Jan-22-20  SChesshevsky: <karban...After 10th move I don't understand...> Might want to review ideas behind Ruy Lopez Closed Breyer variation. Appears Carlsen was able to transpose into good version. Few key ideas are keeping B's bad, where white wants to put pressure and associated pawn breaks. Spassky a top guy with black. Had many interesting Breyers. Believe Carlsen also no stranger to opening.
Premium Chessgames Member
  Eyal: In the opening, there was an interesting transposition to a well-known position (though not very fashionable today) from the Zaitsev after 12.d4 g6; the "classical" move order is 3...a6 4.Ba4 Nf6 5.00 Be7 6.Re1 b5 7.Bb3 d6 8.c3 00 9.h3 Re8 10.d4 Bb7 11.Nbd2 Bf8 12.Bc2 g6. Here, the main line continues 13.d5 Nb8 14.b3 c6 15.c4:

click for larger view

In the game, after 13.a3?! Nb8 14.d5? (now 14.b4 would be more consistent) 14...c6 15.c4 they got nearly the same position:

click for larger view

Only instead of the logical b3, White played the rather pointless and time-wasting a3. That's where Firouzja's troubles started.

Premium Chessgames Member
  Honza Cervenka: AF plays positionally still as a child. After "breyerish" 13...Nb8 it is clear that black is going to play Nbd7 with eventual c7-c5, but AF instead of logical 14.b4 increasing control of c5 plays 14.d5?? leaving c5 to black Knight, creating a potential target of his central Pawns, and paralysing his own LS Bishop.
Premium Chessgames Member
  Honza Cervenka: Instead of 39...Bxf1 black could have played also 39...Ng4+ 40.Ke1 Bd3 41.Rd1 Rc2 with full paralysis of white position, for example 42.Ba3 Bxf1 43.Nxf1 Nf2 44.Rb1 Nxe4 45.d6 Nc3 46.Rb2 (to stop threatening mate on e2) 46...Rc1+ 47.Kf2 Nd1+ with next Nxb2 -+.
Jan-22-20  notyetagm: If this was Star Wars,

DARTH MAGNUS: "You have much to learn, young Alireza."

FIROUZJA: "Yes, my master."

Premium Chessgames Member
  PawnSac: < Ulhumbrus: The computer evaluations suggest that 14 d5 is an error which passes the advantage to Black and this suggests that the plan of a queen side attack based on d5 and c4 is mistaken. >

In the Ruy, d5 is ok for white when black has already played ..c5 . (in Orthodox and Breyer variations, etc)
White closes the center and regroups his knights on the K-side... Nb1-d2-f1-e3/g3 and Ng1-f3-h2 with h4, g3 or g4 etc He can usually keep the center closed by supporting with c4 and so forth. In such lines white can generally get a lasting initiative.

< the position after Magnus' 13...Nb8 >

click for larger view

Here white played 14.d5 instead of the customary 14.b4 (Nbd7 15.Bb2 Bg7 etc)

In the breyer type position where the pawn is still on c7, black can immediately attack the center with ..c6 , as in this game. If white exchanges on c6 (somewhat of a positional concession) black can plan for a d6-d5 center break, as in many Sicilian variations. And as seen in this game, supporting d5 is very problematic. So why close the center if you can't keep it closed? Which is why white often maintains tension in the center while building up support on subcentral squares (c & f files, b & g files), loading rooks on files that will give advantage if black exchanges in the center. We see the reverse of this idea when Magnus has his Q and R on the C file and white has to recapture cxd.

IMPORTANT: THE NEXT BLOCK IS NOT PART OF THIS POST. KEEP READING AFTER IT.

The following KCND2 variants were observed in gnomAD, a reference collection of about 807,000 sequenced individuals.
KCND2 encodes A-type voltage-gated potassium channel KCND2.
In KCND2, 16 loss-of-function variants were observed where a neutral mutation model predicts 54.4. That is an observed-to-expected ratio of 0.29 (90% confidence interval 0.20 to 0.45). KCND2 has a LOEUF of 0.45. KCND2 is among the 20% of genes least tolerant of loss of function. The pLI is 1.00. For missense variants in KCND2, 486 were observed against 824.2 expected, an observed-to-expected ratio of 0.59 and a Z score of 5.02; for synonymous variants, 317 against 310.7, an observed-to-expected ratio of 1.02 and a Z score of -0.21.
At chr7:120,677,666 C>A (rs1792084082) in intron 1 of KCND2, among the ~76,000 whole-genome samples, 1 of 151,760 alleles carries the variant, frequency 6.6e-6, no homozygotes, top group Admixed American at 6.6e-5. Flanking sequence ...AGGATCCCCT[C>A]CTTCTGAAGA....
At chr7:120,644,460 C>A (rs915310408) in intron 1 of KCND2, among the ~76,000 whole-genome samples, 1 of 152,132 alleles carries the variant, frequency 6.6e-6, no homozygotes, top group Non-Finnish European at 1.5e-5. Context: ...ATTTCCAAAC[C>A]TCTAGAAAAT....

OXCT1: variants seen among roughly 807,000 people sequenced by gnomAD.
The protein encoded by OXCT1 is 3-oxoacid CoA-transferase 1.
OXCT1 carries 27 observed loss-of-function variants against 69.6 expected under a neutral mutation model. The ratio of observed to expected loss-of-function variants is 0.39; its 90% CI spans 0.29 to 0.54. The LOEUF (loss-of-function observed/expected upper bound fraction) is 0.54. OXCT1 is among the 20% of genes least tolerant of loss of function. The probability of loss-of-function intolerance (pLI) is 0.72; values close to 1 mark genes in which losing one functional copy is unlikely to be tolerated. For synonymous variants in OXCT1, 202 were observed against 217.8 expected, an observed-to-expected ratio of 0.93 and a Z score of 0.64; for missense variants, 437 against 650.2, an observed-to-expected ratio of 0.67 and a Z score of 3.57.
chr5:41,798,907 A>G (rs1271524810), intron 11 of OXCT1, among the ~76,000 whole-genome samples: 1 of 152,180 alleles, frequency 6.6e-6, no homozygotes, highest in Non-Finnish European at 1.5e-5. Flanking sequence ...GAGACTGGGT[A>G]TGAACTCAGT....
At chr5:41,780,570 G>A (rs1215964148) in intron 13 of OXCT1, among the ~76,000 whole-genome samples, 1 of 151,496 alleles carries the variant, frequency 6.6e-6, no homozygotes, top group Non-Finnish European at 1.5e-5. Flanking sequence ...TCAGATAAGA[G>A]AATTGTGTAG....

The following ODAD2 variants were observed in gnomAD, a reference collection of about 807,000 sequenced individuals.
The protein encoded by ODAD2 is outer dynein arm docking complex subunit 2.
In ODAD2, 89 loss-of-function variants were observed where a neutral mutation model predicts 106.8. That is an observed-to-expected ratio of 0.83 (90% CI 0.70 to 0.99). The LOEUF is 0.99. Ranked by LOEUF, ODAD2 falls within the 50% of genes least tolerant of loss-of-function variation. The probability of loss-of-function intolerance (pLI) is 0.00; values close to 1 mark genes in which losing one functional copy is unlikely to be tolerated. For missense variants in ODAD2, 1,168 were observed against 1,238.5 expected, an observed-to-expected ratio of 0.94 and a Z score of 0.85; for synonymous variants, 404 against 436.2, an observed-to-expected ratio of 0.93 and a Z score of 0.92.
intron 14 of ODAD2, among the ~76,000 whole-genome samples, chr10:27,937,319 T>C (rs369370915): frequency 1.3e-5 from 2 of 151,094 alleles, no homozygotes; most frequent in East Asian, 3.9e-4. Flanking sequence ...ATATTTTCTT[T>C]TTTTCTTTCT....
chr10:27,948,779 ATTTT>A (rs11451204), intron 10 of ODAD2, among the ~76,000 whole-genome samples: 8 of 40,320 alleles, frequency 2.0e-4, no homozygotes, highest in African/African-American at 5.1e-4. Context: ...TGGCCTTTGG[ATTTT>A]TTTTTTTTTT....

Look at the game position after . Note that black has heavy artillary looking down the C file, targetting the Bc2. This is a typical strategem of the Ruy Closed defenses, when white answers ..b5 with Ba4-c2. Black targets the c2 square!

So what we see in this game is black developing his peices to optimum squares (those typical of the routine black defenses), while white is scrambling to coordinate his peices in some sensible fashion.

So < YES Ulhumbrus > you are quite correct. Black was winning right out of the opening due to < d5?! > combined with white's lack of deeper opening prep to back up the advance.

Here's a Stockfish 10 line in which you see the battle over the d5 square and it is BLACK (not white) who maintains a lasting initiative:

42/56 1:02:10 1,243,789k 333k +0.30 14. ... c6 15.dxc6 Bxc6 16.Nh2 Nbd7 17.Ng4 Qc7 18.Nxf6+ Nxf6 19.a4 Bg7 20.Qf3 Nh5 21.Bb3 Bh6 22.Nf1 Bxc1 23.Rexc1 Nf4 24.Ne3 Qb7 25.Nd5 Bxd5 26.Bxd5 Nxd5 27.exd5 bxa4 28.Rcb1 Qb3 29.Qe4 Reb8 30.Ra3 Qb5 31.g4 a5 32.Rxa4 f5 33.gxf5 gxf5 34.Qc4 Qxc4 35.Rxc4 a4 36.Rb4

Premium Chessgames Member
  PawnSac: < Honza Cervenka: >

Your comments are generally spot on! I always appreciate your positional understanding. Thanks for sharing your input for the benefit of others!

Premium Chessgames Member
  chancho: Yeah, it's been used ad nauseam, but it does tell the story of this game:

Feb-24-20  ShyGuy1993: Why Magnus play 28... Kg7?
Premium Chessgames Member
  beatgiant: <ShyGuy1993>
<Why Magnus play 28... Kg7?> The king guards the knight on f6, which comes in useful on move 33.